“Bob,” I cried, “it looks like you’ve impaled Bette Davis’ head on a pike in the garden!”
     Bob had known the actress well. A strange smile crossed his face.
     “Good,” he said, and walked away.

Chad and Bob were quite serious about their Communism. They used to get together with a couple of other Hollywood geezers—a famous photographer and a well-known set designer—and the four old men would have meetings that involved a lot of lengthy and intense conversation, head-shaking, wine (pot for Chad), despair, and occasional yelling.
     These aging cronies, all of whom had been blacklisted to some degree or another by Hollywood, embraced Communism with the idealism of fresh-faced freckled Cub Scouts. I always suspected that if there were ever to be a Communist takeover, Chad and Bob would be among the first to be lined up against the wall and shot. Having a Communist for a landlord was very handy, however, so I didn’t complain. Communists—at least the na├»ve ones—feel guilty if they charge too much for rent, and they readily share things like appliances and household tools. I wasn’t about to rock the boat.
     Besides, it was Communism that saved me.
     Let me explain. Chad still hadn’t asked me out. He had told Bob of his lusty intentions, but I wasn’t supposed to know anything about his longings yet. I dreaded the day when he would reveal his passion to me, because then I would have to reject him. For all his quirkiness and marijuana, he was sweet and I didn’t want to hurt him.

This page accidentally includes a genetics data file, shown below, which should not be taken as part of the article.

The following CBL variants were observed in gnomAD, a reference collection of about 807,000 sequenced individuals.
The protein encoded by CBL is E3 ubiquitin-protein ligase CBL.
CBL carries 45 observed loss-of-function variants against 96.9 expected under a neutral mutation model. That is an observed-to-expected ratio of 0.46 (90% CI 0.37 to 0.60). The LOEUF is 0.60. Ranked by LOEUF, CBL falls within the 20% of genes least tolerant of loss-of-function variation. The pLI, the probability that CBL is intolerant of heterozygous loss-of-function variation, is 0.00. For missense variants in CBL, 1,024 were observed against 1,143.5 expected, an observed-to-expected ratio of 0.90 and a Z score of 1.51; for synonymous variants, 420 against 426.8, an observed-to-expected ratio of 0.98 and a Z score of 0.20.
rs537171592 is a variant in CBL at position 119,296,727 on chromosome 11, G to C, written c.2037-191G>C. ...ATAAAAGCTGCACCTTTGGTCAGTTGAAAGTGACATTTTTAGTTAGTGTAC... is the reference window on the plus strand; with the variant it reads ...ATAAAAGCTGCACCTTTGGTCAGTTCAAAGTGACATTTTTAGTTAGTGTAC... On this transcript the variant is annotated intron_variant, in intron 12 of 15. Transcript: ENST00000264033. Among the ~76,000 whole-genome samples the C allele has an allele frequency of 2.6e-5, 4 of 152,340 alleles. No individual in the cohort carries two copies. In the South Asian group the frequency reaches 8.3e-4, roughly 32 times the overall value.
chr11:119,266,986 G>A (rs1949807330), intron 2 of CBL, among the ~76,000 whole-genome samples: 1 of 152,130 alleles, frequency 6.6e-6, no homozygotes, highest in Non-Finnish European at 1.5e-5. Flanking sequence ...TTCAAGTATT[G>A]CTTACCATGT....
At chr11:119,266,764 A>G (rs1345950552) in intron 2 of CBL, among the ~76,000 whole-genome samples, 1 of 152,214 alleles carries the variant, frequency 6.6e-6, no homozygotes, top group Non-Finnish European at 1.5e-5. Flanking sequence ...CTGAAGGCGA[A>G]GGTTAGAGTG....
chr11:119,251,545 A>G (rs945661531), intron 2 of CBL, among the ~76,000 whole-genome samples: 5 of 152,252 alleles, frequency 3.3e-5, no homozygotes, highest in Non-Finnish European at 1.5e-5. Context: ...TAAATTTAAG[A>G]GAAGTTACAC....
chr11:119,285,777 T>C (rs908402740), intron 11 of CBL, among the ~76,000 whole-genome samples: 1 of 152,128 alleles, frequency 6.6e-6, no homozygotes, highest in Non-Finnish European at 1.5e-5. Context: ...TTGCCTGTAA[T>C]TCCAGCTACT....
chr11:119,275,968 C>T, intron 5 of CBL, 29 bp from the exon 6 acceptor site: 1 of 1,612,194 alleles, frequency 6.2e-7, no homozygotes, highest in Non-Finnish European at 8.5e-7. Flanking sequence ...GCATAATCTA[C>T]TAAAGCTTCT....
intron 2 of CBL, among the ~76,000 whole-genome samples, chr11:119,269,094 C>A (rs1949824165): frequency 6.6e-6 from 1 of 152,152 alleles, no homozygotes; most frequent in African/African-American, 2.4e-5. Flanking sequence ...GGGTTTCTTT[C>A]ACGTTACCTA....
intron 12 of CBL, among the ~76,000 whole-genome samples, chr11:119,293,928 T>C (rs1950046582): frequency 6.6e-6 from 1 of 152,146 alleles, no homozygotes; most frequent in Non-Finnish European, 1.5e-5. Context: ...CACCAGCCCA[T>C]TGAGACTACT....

Chad, it turns out, had been taking prescription pills for high blood pressure. The medicine had an unfortunate side effect. It made him impotent. He confided in Bob that he was planning to discontinue his medication so that he could fulfill his manly duties with me. Unfortunately, doing so would seriously jeopardize his health. What to do? It was a dilemma.
     After Chad shared his secret with Bob, the latter naturally ran straight away to knock on the door of one of my friends in the compound and tell her the whole story. She, in turn, came right over to my house and told me.
     This is how I learned that a movie star wanted my body.